sandman slim richard kadrey

Sandman Slim by Richard Kadrey

This has been on my “to-read” list for a long time, ever since I heard about it on Boing Boing and read Butcher Bird/Blind Shrike. Plus the summary intrigued me. It’s just a guy who escaped from Hell with the intention of killing everyone who put him there. Simple as that. There’s no reluctant hero, no romance, no quest, no internal struggle, no touchy-feely. Just a guy who’s going to kill you all. The best part is that the novel delivers what it promises, but then it delivers more. So much more.

I’m not sure if I’m going to read the other books in the sequence. But if I do have time, it sure would be nice to.

roll the bones

Roll the Bones edited by Ignatius Umlaut and Del Beaudry

Hey, look it’s me! Why, yes, I am in this book. Which means I’m a registered author. Granted, I’m part of a large anthology, but it’s a start. At least I get my own Goodreads profile and a link in Amazon. Hopefully, I’ll be able to capitalize on that once I’m published with a real book.

I wanted to get a feel for my contemporaries, so I read the rest of the stories therein. I was surprised how many of them had the same flavor, and that flavor wasn’t the same as my story. Makes me wonder how I got picked in the first place. There are a lot of dungeons, a lot of Red Sonja women, a lot of magicians and dagger-carrying rogues. I hesitate to make any judgements on the book, because I’m in it, I don’t think I could be impartial.

the demolished man alfred bester

The Demolished Man by Alfred Bester

Another book for book club, this one chosen by the only other guy in it. But he’s a guy after my own heart, and he picked the very first Hugo award winner. There are telepaths/psychics and since they can read your mind, murder has mostly become a thing of the past (a la Minority Report). Unless you’re Ben Reich, CEO of one of the world’s two biggest companies. The owner of the other is your rival, and you want to kill him for obvious reasons. How do you do it with all these telepaths watching? Well, that’s the question, and it becomes a thrilling cat-and-dog game between the guy who may have committed the perfect crime and the telepath detective pursuing him.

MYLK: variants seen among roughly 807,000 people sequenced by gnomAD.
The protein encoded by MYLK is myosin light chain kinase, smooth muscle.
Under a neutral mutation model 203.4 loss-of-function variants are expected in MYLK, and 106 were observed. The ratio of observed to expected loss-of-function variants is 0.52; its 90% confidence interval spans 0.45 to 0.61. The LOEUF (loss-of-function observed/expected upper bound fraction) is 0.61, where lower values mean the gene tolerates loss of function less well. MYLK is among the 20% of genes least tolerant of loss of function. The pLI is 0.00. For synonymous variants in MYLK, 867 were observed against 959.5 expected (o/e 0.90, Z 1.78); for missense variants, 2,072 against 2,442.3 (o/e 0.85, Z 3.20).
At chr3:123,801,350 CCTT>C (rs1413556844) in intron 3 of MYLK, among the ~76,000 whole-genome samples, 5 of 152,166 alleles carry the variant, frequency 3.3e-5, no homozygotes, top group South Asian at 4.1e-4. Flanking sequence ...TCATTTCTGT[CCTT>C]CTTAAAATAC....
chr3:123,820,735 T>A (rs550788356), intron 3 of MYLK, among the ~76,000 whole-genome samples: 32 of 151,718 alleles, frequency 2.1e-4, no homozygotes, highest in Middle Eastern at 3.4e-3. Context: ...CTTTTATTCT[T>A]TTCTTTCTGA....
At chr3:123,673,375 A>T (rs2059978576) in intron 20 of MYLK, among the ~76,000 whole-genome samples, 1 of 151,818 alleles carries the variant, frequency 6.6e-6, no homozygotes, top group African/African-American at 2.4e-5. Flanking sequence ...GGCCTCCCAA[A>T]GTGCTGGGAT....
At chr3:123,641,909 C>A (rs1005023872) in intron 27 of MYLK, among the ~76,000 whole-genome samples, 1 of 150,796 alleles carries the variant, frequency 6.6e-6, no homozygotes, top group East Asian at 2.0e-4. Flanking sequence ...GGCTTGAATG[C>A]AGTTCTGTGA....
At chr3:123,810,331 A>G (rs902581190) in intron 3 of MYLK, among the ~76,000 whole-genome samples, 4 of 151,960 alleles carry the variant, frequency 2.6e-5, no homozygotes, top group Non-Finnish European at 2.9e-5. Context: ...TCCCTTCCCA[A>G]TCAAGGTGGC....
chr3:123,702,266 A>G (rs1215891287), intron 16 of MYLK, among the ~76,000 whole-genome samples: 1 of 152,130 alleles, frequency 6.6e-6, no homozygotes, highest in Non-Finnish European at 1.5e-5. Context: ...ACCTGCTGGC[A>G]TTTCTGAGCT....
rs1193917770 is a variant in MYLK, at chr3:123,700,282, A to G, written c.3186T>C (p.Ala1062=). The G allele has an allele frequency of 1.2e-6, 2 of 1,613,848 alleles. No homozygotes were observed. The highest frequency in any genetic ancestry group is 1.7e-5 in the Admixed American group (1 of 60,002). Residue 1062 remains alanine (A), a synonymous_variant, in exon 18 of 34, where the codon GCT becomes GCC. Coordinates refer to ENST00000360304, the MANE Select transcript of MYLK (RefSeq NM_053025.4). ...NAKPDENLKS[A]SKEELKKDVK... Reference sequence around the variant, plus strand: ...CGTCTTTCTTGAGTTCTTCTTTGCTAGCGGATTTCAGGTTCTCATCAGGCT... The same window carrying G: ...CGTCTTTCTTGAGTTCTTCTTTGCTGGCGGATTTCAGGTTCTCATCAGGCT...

At least it would be more thrilling if it wasn’t so antiquated. Alfred Bester wrote radio serials and it shows. I kept hearing old episodes of The Shadow in my head during the dialogue. There are definite signs of its age — a lot of the sci-fi tropes like common space travel that we know are implausible today are in place, and the storyline starts getting scrambled as you get further in the book. Suddenly everyone is someone’s relative a la Star Wars. It reminds me of when I started to write, I was trying to get all artsy by making the page into a canvas and playing with word shapes. Not that I’m comparing myself to Alfred Bester.

Eric Juneau is a software engineer and novelist on his lunch breaks. In 2016, his first novel, Merm-8, was published by eTreasures. He lives in, was born in, and refuses to leave, Minnesota. You can find him talking about movies, video games, and Disney princesses at where he details his journey to become a capital A Author.